Gregos’ ambition is to put up another 50 sculptures on this visit so there should be plenty of sculpture spotting opportunities around Shoreditch and Camden where he has been know to visit so far. On Sunday, Gregos installed and painted a new sculpture in Shoreditch providing passersby with a grand spectator sport. Even a cruise-by from the police didn’t stop him.
The London street artist Sell Out was very busy in Shoreditch on Saturday morning and the Shoreditch Street Art Tour found a variety of his work at various locations.
This fountain on Brick Lane has been used as a scene for a number of Sell Out installations, this time a Sell Out Duck floated around while butterflies skirted around its head. There was something about this duck’s stare…..not the kind of duck that hangs around nurseries, kids baths or fairy tale illustrations!
Then we found Spiderman scaling this sheer brick wall, the lattice detail was stenciled by Mexican duo Lapiztola but in the close up of Sell Out’s Spiderman, it takes on the appearance of a web.
We also found Batman who seemed to be helping the citizens of Shoreditch by handing out Sell Out’s butterflies.
Finally, a huge flock of hand painted butterflies stuck on with blu-tack invited people to find the butterfly with their name as a souvenir of the Shoreditch street art, the effect was a bit like those tourist shops where you buy personalised gifts with individual names but of course with Sell Out’s particular spin on artists using street art to promote their art sales, he actually wants people to find their name and keep the butterfly. There were several dedicated to Dave 😉
Last night on our Night Street Art Photography Tour last night we came across the artist Sell Out creating a new structural installation making use of a street cleaner’s hand cart which is often kept in the car park. With a paint pot face, tape arms and hands propelling the cart around and butterflies streaming in the wind as its hair.
We managed to get a few nice shots of the sculpture lit in a variety of different ways, night street art photography offers so much opportunity for experimentation.
We had a pleasant chat with Sell Out who wasn’t at all fazed with the expected fate awaiting his new installation. This morning the Shoreditch Street Art Tour revisited the scene and found that the hand cart had already been re-assigned to its normal use and was no longer there. Such ephemerality is the almost inevitable fate of street art and we were pleased to be able to record this one’s mayfly like existence.
New York based street artist Dan Witz has recently visited London to create a politically charged emotive street art campaign. Dan WItz started painting delicate realistic hummingbird on the streets in the 1970s and is now known for eerie street art featuring despairing oppressed humans incarcerated behind doors and gratings.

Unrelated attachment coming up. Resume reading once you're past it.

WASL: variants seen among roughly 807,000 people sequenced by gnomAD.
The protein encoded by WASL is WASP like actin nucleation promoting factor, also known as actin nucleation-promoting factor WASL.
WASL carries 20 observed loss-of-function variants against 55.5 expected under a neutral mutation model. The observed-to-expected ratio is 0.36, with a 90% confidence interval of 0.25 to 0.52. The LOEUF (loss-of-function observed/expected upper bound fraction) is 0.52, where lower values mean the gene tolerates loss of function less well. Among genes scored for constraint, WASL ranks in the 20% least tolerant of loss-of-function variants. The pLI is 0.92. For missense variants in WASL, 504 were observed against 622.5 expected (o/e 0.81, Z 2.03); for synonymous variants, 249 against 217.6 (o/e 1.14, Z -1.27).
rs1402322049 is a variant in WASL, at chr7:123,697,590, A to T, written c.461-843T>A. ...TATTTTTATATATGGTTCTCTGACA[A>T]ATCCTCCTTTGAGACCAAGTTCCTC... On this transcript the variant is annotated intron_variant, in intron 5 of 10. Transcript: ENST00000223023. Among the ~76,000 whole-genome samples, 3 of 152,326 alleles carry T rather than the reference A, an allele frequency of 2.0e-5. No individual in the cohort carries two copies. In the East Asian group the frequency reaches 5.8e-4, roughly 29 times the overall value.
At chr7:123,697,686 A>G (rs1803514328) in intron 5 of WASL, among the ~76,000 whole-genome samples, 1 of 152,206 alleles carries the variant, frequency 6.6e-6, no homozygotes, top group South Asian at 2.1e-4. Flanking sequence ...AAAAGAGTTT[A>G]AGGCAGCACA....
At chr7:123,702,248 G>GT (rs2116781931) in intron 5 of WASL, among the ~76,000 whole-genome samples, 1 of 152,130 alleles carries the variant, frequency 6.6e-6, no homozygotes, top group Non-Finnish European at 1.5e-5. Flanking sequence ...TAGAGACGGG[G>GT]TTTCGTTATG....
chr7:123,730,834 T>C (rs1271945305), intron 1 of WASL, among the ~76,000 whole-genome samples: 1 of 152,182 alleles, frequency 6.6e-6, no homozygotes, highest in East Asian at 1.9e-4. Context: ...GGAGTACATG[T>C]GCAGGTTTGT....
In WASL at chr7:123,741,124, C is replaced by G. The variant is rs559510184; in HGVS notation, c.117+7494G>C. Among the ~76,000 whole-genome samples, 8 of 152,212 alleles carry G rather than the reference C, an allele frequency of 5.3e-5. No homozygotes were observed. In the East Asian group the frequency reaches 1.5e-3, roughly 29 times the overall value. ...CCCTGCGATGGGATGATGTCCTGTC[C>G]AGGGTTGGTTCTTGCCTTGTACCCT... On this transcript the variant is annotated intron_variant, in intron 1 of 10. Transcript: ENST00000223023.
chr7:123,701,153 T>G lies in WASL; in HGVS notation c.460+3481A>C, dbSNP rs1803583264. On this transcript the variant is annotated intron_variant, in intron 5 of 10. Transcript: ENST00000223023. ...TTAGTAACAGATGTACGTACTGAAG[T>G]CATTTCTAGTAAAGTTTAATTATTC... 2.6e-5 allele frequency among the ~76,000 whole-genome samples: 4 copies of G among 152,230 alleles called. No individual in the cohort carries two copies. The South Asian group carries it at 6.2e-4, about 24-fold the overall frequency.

Danger of Death
Empty The Cages is a new PETA (People For The Ethical Treatment Of Animals) campaign for which vegan Dan Witz aims to raise awareness of the cruelty inflicted on animals in the quest for more efficient and cheaper meat production to feed the worst parasite this planet has ever witnessed – mankind.
These pieces have been placed mainly in the Kings Cross and Clerkenwell areas of London. The pieces stand out for their accomplished finish, their coherent message and the daringness of their placement.
A full description of the merits and meanings of this street art campaign can be found on our sister blog Graffoto
Jonesy has been one of our favourite artists for a number of years and spotting artwork by him has been a favourite game on the Shoreditch Street Art Tour. He has sprung a surprise by painting a shutter, not something we have seen before from this passionate artist and craftsman.
Jonesy is a master craftsman and awe inspiring artwork in the past has included bronze castings set into walls and atop street sign poles, linoprints and paintings in pastel and oil. His art resonates with concerns over non renewable fuels, nuclear waste and genetically modified organisms.
Jonesy: cast bronze plaque,
In his most recent wave of artwork over the past few weeks, we have seen a number of linoprints on heavy art paper (none of your nicked-from-work photocopier paper), carved wood panel creations and a stunning sculptural installation.
Jonesy: Carved wood, paint
Linocut print A/P
This morning on a pleasant cycling interlude we found this totally unexpected shutter painted by Jonesy. We have never seen anything worked directly on the surface like this before from Jonesy but its real impact is simply in its painterly beauty, nevermind what surface it is on or whether this was spray cans or emulsion and roller, this is just a beautiful work of art – with a message.
Jonesy shutter “Missing Link Hydrogen”
By the way, the “How To Build A Universe” is a relic of a previous piece of work by Edwin. It is possible to see a link between Jonesy’s new piece and Edwin’s old headline.